- Saied appeared to win handily, according to exit polls released late Sunday by Tunisia’s Mosaique FM.
- The president to be elected on Sunday will be the country's third president since the 2011 revolution.
- The new president will face several economic challenges, including unemployment, inflation, and declining foreign investment.
More than 7 million voters were called back to the polls on Sunday for the third time in less than a month to elect a new president who faces the challenge of taking the country out of its economic crisis. Independent constitutional law professor Kais Saied and his rival, businessman and media magnate Nabil Karoui, a candidate for the “Heart of Tunisia” party, competed Sunday in the second round of the presidential elections.
Saied appeared to win handily, according to exit polls released late Sunday by Tunisia’s Mosaique FM. He was projected to win 72.5% of the vote in the second round against Karoui, according to the poll. A separate poll by the state media will be released later.
Karoui won 15.5% of the votes in the first round, while his opponent, Kais Saied, won 18.4%. Voter turnout was nearly 50%. In the first round, prominent candidates from current and former ministers and heads of government were defeated. Observers felt that Tunisian voters resorted to a “vote of punishment” against the symbols of the ruling political system because they were unable in their assessment to find solutions to the economic and social situation in crisis.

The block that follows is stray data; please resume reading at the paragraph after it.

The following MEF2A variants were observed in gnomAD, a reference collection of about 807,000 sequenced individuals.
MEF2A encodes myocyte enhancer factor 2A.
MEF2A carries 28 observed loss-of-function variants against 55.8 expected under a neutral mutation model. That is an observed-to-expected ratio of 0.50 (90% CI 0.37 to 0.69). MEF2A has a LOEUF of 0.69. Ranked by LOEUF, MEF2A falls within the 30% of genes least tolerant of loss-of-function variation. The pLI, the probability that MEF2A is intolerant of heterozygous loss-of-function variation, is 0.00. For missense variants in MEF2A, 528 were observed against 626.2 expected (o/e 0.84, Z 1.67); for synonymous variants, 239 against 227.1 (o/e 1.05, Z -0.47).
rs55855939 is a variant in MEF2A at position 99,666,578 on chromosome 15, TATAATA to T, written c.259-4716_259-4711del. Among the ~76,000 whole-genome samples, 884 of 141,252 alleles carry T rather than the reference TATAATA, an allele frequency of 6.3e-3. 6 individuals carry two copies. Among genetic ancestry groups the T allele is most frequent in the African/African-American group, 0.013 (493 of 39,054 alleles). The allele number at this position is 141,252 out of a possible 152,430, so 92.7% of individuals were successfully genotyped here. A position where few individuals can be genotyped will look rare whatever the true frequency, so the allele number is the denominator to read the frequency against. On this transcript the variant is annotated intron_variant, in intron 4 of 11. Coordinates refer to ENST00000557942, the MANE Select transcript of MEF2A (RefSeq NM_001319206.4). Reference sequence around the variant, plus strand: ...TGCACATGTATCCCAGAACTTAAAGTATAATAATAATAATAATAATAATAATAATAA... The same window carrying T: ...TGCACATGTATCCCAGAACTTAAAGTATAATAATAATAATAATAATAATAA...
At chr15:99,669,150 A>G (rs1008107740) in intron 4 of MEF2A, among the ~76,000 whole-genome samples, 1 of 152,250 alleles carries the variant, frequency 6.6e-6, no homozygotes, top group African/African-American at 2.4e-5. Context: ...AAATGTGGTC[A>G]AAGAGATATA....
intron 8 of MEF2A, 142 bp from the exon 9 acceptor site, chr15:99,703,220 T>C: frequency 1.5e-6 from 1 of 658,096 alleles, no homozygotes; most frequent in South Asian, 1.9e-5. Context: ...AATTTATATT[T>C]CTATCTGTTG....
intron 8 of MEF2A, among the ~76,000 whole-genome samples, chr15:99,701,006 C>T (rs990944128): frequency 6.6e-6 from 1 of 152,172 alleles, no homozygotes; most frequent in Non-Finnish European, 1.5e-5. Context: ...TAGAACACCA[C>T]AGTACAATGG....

The president to be elected on Sunday will be the country’s third president since the 2011 revolution that toppled the regime of former President Zine El Abidine Ben Ali. Former President Béji Kaid Essebsi died on July 25. Early presidential elections were held on September 15, with the president elected before October 25. As stipulated in the Tunisian constitution, a new president must take office no later than 90 days after the president’s death. In parliamentary elections last week, Karoui’s Heart of Tunisia party finished second, with 38 seats.
Among the economic challenges awaiting the new president and the new government alike are fighting unemployment, which is about 15% nationally and 29.7% among university and college graduates. Encouraging foreign investment that has declined since the fall of the Ben Ali regime will also be crucial.
The new president will also face the problem of inflation, which exceeded 7.5% in 2018, and has gone up each of the last three years: 6.4% in 2017, 4.2% in 2016. This has led to higher prices and reduced purchasing power of citizens, especially the middle and lower classes.
The problem of brain drain abroad is also an important challenge for the new president and the government that will emerge from the legislative elections. They are required to provide appropriate economic and social conditions for this social group, such as simplifying investment processes and eliminating bureaucracy, in addition to the integration of university graduates in the labor market and the economic fabric of the country.
The new authorities are also expected to draw up a new plan to develop the tourism sector, which has been relatively stagnant in recent years. According to sector minister Roni Trabelsi, the number of tourists visiting Tunisia has dropped from 1.4 million in 2008 to 800,000 in 2018, although the sector employs half a million workers directly and 1.2 million indirectly, accounts for 14 percent of income per year.